• Green Lantern: Rebirth revealed that only a certain type of willpower can use the ring effectively, as evidenced when Green Arrow's "cynical" willpower barely allows him to generate a single arrow and leaves him exhausted after this feat.

Green Lantern oath

Green Lantern is famous for the oath he recites when he charges his ring. Originally, the oath was simple:

...and I shall shed my light over dark evil.
For the dark things cannot stand the light,
The light of the Green Lantern!

Alan Scott (This oath was later given as an in-joke to Tomar-Re, Green Lantern of sector 2813 and the first Lantern Hal Jordan met after Abin Sur.)

In the mid-1940s, this was revised into the form that became famous during the Hal Jordan era:

In brightest day, in blackest night,
No evil shall escape my sight
Let those who worship evil's might,
Beware my power...Green Lantern's light!

Hal Jordan/All Current Lanterns

The word "blackest" was often replaced with "darkest" to avoid racist connotations. The above is the most popular version of Green Lantern's oath. Science fiction writer Alfred Bester, who wrote many Green Lantern stories in the 1940s, has been credited as the creator of this oath. However, in an interview with journalist F Gwynplaine MacIntyre at the 1979 World Science Fiction Convention in Brighton, England, Bester stated that the brightest-day oath was already in place before he began writing for the character.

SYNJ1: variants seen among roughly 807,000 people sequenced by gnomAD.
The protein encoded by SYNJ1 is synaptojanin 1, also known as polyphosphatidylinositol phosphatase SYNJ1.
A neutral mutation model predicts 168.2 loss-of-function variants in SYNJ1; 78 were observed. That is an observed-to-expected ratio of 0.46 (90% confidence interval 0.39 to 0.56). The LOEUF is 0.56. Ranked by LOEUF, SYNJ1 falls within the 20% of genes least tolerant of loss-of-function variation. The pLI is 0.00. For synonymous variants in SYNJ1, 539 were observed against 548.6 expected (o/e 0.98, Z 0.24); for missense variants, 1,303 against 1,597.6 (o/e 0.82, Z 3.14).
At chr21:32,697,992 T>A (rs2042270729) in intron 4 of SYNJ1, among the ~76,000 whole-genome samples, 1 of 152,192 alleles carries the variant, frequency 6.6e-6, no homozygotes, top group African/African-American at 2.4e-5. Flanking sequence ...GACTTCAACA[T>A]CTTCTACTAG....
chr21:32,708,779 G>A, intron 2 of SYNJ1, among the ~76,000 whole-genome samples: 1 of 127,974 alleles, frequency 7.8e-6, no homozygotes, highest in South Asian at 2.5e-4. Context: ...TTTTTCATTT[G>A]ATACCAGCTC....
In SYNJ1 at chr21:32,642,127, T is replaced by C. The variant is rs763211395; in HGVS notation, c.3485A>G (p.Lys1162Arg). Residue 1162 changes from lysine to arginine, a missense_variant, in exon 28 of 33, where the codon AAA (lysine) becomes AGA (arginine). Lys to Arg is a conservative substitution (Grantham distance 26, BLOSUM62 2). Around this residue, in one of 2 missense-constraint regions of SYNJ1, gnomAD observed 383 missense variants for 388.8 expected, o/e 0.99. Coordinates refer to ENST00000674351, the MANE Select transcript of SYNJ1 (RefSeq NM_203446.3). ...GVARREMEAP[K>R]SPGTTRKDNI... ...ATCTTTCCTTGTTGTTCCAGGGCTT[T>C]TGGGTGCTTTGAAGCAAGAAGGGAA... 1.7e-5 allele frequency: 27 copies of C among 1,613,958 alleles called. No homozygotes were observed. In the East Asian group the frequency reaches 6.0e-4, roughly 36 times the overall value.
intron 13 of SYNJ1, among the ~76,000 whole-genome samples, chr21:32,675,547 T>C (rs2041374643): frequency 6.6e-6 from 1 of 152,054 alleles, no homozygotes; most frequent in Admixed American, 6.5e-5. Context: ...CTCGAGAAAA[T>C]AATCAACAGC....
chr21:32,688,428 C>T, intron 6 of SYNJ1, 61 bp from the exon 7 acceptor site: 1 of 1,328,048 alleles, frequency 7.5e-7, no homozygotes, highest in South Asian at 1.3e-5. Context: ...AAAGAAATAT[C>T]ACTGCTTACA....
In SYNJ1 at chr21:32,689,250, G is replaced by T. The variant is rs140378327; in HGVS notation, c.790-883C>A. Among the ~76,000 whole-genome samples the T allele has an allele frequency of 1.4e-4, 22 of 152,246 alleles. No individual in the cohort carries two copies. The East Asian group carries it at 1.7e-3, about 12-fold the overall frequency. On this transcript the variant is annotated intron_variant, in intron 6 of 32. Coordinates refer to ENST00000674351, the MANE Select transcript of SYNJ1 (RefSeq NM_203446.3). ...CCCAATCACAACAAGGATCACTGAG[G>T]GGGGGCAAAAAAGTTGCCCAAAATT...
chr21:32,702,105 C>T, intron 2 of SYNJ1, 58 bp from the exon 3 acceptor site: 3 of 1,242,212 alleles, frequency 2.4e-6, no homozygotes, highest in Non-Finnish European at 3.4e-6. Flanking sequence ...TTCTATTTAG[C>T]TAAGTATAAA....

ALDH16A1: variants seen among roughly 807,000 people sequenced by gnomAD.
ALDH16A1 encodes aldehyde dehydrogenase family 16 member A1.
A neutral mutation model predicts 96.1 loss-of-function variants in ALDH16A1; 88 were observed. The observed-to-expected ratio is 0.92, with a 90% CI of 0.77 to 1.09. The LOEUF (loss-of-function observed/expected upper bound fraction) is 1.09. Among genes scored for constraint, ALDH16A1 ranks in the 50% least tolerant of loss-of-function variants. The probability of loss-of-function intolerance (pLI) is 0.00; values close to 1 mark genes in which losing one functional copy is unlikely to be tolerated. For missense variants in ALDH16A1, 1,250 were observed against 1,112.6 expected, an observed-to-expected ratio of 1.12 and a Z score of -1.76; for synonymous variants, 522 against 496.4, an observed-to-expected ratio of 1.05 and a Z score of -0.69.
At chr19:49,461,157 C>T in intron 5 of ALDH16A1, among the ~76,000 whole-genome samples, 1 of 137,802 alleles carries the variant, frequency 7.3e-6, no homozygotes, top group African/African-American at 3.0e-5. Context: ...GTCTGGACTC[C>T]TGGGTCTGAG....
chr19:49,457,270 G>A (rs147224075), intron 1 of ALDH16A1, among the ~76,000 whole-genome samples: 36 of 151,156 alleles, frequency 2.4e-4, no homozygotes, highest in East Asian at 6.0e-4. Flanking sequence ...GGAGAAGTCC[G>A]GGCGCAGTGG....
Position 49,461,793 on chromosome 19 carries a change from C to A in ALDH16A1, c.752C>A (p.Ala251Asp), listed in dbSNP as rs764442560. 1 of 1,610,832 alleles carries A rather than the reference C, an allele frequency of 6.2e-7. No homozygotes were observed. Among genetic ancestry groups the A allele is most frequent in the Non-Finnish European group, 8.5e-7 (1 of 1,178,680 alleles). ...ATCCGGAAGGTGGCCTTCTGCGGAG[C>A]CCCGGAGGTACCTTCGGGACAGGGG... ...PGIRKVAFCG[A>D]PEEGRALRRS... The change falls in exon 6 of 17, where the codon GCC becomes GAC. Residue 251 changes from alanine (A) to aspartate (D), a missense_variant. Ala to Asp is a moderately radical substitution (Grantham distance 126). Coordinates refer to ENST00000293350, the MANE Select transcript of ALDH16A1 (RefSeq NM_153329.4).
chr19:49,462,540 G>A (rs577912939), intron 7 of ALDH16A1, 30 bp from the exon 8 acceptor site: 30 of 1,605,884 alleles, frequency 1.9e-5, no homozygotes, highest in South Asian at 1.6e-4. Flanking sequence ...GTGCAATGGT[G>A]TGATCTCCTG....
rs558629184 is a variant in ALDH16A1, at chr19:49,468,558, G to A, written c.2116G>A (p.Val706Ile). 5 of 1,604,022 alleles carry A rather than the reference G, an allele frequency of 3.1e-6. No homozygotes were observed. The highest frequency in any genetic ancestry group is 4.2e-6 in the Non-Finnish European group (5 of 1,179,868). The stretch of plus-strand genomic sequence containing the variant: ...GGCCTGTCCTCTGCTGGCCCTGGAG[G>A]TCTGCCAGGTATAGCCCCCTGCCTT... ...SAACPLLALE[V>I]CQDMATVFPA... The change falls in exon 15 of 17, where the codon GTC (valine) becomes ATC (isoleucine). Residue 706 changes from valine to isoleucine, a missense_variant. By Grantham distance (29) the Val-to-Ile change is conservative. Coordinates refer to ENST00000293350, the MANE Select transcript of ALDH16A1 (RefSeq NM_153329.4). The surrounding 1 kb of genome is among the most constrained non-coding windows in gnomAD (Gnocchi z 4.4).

It had been established in the past that each Green Lantern has his, her, or its own oath. For example, Medphyl, the Green Lantern of the planet J586 (seen in Swamp Thing # 61, "All Flesh is Grass"), a planet where a sentient plant species lives, has the following oath:

In forest dark or glade beferned
No blade of grass shall go unturned
Let those who have the daylight spurned
Tread not where this green lamp has burned.

Other notable oaths include that of Jack T. Chance:

You who are wicked, evil and mean
I'm the nastiest creep you've ever seen!
Come one, come all, put up a fight
I'll pound your butts with Green Lantern's light!
Yowza.

and that of Rot Lop Fan, a Green Lantern whose species lacks sight, and thus has no concepts of brightness, darkness, day, night, color, or lanterns:

In loudest din or hush profound